How to Capture and Share the Meaning of your Designs

Figma to HTML is a blog that focuses on translating designs into prototype of website and mobile app. With Figma, you can now capture the meaning behind your design and share it with your team.

The blog started off with how to easily translate Figma designs into HTML, CSS and JavaScript. As it grew popular, we decided to also include other useful tips for designers and developers.

Our content is mostly focused on newbies who want to learn more about Figma to HTML translation but we also have articles for more experienced designers who want to expand their knowledge.

This is a plugin that helps designers to capture and share the meaning of their designs. It helps you save time by generating the HTML and CSS code for you.

You can generate HTML and CSS from your Figma files, which means you can use your Figma design in your website or app. The generated code is based on the styles you define in Figma.

Ah, the age-old question of how to make our designs come to life. We’ve all been there. You sit down at your computer and open up Figma, ready to start turning your designs into a beautiful website or app prototype by coding it by hand.

You get started and it seems like everything is going well: you’re moving fast, you’re writing clean, efficient code, and your markup is spotless. But then you run into an issue—a problem with spacing, background colors, or sizing that doesn’t quite match what you designed.

You spend time tweaking the code but still can’t get the result that matches what you designed in Figma. It continues like this for hours at a time as more and more issues arise, until eventually you give up in frustration.

As a designer, sharing your designs with others is an important part of the design process. Over the years, we’ve seen how different types of sharing—from sketches and wireframes to visual designs—can give us more opportunities to get feedback earlier in the process.

As Figma has evolved, we’ve tried to allow designers to share their work as broadly as possible. At first, our focus was on static images. But as we moved into prototyping, we wanted people to be able to share their designs and prototypes with anyone, no matter what their role or level of commitment. Some of those people would want to use a design file in Figma; others would just want to view it.

Today we’re excited to announce HTML export, a new feature that allows you to convert frames and components from your Figma files into HTML and CSS code that can be viewed in a browser or embedded directly on any website.

Designers and developers need to communicate and collaborate with each other more than ever.

In the past, they would share static images of their designs. But in a world where UI is the product and design is the business strategy, a picture isn’t worth a thousand words anymore. It’s just not enough for designers to show developers what a screen should look like.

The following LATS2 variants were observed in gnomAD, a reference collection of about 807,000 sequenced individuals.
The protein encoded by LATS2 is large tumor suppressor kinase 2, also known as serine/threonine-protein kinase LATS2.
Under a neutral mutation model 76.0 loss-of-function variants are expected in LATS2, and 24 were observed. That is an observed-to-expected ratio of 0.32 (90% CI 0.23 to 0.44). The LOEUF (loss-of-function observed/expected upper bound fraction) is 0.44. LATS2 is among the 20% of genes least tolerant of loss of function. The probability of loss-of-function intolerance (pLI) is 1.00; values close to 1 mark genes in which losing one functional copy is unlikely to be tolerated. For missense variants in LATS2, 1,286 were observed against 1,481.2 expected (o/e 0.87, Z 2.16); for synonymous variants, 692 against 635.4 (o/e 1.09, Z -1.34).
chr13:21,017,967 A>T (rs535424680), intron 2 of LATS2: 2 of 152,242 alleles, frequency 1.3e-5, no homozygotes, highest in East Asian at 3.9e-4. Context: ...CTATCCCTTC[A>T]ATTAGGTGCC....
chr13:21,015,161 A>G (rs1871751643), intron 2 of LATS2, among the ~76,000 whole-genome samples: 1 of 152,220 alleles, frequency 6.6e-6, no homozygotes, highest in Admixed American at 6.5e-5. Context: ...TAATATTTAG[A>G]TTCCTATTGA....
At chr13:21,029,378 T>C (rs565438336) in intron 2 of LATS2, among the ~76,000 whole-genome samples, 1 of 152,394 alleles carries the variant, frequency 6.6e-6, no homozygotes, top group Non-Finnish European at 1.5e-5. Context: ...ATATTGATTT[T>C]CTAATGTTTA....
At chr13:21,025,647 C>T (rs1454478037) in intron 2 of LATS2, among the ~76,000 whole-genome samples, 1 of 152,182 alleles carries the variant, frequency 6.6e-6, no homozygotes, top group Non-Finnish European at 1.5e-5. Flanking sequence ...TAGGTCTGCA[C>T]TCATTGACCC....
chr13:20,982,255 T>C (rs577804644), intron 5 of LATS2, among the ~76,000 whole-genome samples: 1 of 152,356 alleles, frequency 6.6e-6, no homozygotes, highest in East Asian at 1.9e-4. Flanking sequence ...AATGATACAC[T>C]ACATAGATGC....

That’s why designers are now using tools like Figma to create interactive prototypes that can be shared in real-time with team members. They can then use those prototypes to test their ideas with users before bringing them to production. And when it comes time for development, developers can inspect and extract the design specs from the prototype directly in Figma.

But as we’ve learned from our conversations with designers, this process can still be challenging at times:

Designers often feel like they’re forced to choose between two extremes: sharing an overwhelming amount of information (which slows down development) or not including enough information (which leaves out important context). In either case, they risk slowing down the process of building software by putting too much emphasis on design specs rather than functional specs — or vice versa.

Both teams need more flexibility around how they share

Not long ago I was working on a project with a small team. They used Figma to design and provide the specs to the development team. As they got closer to launch, the client began to make last-minute changes. Some of these changes were small enough that we could push them through the development process without losing much time. But others were more significant and required additional development work.

In an effort to help speed up the process, I volunteered to build out some of the designs as static HTML pages. That way, the development team could see how it would look in code and see if there were any issues with spacing or other layout concerns before we pushed it through the rest of our development process.

The problem though was that Figma made it difficult to get all of the design information out of their tool and into HTML. I had been doing this for years by hand, but my workflow involved opening each page in a browser, manually re-creating everything from scratch, referencing a spec sheet along the way. With this project I wanted something faster and more efficient!

So I created a tool that exports Figma designs as static HTML, CSS and media assets automatically. The process is simple: you install the plugin inside your Figma account and run it on

Figma is a powerful design tool used by designers and developers. It allows us to collaborate together on a design project (think Google Docs but for Design).

A huge advantage of Figma is that it can export code to be used directly in the development process. In this article, I will demonstrate how to export code from Figma and use it in a React environment.

We will be experimenting with the Figma Design-System-React library that incorporates some great principles of Atomic Design into the components we need to build our website’s UI.

We will begin by setting up our React application using create-react-app and installing figma-design-system-react as a dependency. Once that’s done, we’ll be ready to open our Figma file and export some code!

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